Researchers of polycystic kidney disease honored with Kaplan International Prize for Advancement

York Pei, MSc, MD, FRCPC, and Bradley Yoder, PhD, were presented with the Lillian Jean Kaplan International Prize for Advancement at the World Congress of Nephrology in Melbourne, Australia, according to a press release from the PKD Foundation.

The Lillian Jean Kaplan International Prize recognizes individuals whose scientific work results in improving the knowledge and treatment of polycystic kidney disease.

“It is my distinct honor to present both Pei and Yoder with the Lillian Jean Kaplan International Prize for their most significant research in the polycystic kidney field. And, we deeply appreciate Mr. Kaplan’s generous commitment in recognizing researchers in their quest to advance treatments for PKD,” Andy Betts, CEO of the PKD Foundation, said in the release. “The pioneering studies of these researchers provide great hope for the future for all PKD patients.”

According to the release, both researchers were awarded $50,000, a sculpture, a citation depicting their work and an opportunity to lecture during the World Congress of Nephrology about their research. Pei, a professor of medicine at the University of Toronto, focused on genetic, genomic, clinical and translational research and has made a significant contribution to advance diagnosis, prognosis and development of novel treatment in autosomal dominant polycystic kidney disease.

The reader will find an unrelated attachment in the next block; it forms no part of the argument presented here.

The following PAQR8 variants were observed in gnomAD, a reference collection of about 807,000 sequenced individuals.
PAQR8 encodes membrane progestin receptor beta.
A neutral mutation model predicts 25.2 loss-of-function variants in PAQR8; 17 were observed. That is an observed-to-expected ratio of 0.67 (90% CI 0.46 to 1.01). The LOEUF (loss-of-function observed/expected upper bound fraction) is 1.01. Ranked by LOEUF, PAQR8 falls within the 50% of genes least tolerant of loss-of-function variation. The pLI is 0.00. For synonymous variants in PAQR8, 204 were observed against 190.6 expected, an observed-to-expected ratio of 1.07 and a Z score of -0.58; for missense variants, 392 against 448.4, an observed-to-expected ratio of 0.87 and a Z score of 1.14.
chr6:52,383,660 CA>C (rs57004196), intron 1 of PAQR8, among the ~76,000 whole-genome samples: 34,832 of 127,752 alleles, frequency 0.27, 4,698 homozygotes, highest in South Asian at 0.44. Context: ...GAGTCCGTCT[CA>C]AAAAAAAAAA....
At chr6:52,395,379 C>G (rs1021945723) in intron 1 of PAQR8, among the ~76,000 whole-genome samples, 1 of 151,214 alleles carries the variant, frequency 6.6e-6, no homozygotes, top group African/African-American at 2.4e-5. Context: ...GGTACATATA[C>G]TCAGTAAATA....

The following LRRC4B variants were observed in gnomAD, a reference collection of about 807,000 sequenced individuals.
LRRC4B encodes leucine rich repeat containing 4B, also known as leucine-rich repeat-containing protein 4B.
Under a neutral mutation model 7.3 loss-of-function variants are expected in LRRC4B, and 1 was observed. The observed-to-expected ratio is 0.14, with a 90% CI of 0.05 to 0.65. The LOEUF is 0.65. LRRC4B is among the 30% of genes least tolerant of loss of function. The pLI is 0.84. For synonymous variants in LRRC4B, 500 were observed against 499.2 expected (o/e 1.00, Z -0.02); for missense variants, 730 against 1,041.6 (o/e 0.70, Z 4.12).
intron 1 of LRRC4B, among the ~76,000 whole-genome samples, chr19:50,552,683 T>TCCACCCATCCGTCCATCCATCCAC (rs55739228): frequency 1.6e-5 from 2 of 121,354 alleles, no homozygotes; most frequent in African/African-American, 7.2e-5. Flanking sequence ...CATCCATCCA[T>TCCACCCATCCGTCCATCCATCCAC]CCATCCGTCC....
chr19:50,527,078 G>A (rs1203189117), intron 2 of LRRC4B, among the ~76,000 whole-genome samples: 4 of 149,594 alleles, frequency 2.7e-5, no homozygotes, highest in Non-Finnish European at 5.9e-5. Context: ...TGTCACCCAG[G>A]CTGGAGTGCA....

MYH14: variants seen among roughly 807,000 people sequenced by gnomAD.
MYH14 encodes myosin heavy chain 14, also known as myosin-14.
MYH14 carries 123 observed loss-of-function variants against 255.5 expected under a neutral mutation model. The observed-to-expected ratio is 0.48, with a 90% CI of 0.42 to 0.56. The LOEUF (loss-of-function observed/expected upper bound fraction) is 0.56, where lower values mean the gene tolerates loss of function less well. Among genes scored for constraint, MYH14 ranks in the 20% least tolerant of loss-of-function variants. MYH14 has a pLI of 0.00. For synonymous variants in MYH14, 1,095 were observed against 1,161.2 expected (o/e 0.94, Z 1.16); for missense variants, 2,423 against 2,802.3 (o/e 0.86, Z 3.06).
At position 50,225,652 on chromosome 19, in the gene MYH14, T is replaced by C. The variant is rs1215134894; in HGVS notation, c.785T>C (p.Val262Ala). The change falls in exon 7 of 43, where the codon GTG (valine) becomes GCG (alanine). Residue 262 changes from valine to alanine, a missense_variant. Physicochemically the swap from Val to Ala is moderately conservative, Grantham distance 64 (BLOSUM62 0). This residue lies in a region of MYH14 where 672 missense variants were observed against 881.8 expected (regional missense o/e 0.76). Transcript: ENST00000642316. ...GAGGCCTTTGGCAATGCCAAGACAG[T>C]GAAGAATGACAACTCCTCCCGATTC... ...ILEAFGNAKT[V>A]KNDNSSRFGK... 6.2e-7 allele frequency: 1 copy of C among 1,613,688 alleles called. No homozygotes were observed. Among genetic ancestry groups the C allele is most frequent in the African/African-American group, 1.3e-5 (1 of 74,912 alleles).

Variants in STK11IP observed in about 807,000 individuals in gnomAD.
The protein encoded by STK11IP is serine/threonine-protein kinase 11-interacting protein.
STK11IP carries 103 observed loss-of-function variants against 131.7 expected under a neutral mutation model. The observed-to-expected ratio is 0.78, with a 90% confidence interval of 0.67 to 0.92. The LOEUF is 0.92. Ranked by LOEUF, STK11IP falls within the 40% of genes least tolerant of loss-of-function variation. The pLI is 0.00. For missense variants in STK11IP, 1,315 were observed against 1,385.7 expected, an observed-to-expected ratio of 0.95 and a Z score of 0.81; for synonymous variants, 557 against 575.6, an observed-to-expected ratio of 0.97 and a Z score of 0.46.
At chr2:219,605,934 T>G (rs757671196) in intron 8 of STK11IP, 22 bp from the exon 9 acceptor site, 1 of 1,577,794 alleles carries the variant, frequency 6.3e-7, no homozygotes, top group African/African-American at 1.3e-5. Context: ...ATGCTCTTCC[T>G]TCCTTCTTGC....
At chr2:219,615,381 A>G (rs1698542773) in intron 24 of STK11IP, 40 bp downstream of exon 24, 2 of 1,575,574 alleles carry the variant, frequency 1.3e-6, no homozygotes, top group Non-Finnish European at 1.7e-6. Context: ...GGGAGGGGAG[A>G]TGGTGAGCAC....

As professor and chair of the department of cell, developmental, and integrative biology at the University of Alabama at Birmingham Medical School, Yoder has spent 2 decades focused on understanding the function of the primary cilium in multiple tissues and during development, with a long-standing interest in how loss of cilia function contributes to cyst development in the kidney. His recent research has uncovered roles for primary cilia in regulating innate immune responses following renal injury that accelerates cyst progression.

 

Reference:

https://pkdcure.org/

York Pei, MSc, MD, FRCPC, and Bradley Yoder, PhD, were presented with the Lillian Jean Kaplan International Prize for Advancement at the World Congress of Nephrology in Melbourne, Australia, according to a press release from the PKD Foundation.

The Lillian Jean Kaplan International Prize recognizes individuals whose scientific work results in improving the knowledge and treatment of polycystic kidney disease.

“It is my distinct honor to present both Pei and Yoder with the Lillian Jean Kaplan International Prize for their most significant research in the polycystic kidney field. And, we deeply appreciate Mr. Kaplan’s generous commitment in recognizing researchers in their quest to advance treatments for PKD,” Andy Betts, CEO of the PKD Foundation, said in the release. “The pioneering studies of these researchers provide great hope for the future for all PKD patients.”

According to the release, both researchers were awarded $50,000, a sculpture, a citation depicting their work and an opportunity to lecture during the World Congress of Nephrology about their research. Pei, a professor of medicine at the University of Toronto, focused on genetic, genomic, clinical and translational research and has made a significant contribution to advance diagnosis, prognosis and development of novel treatment in autosomal dominant polycystic kidney disease.

As professor and chair of the department of cell, developmental, and integrative biology at the University of Alabama at Birmingham Medical School, Yoder has spent 2 decades focused on understanding the function of the primary cilium in multiple tissues and during development, with a long-standing interest in how loss of cilia function contributes to cyst development in the kidney. His recent research has uncovered roles for primary cilia in regulating innate immune responses following renal injury that accelerates cyst progression.

 

Reference:

https://pkdcure.org/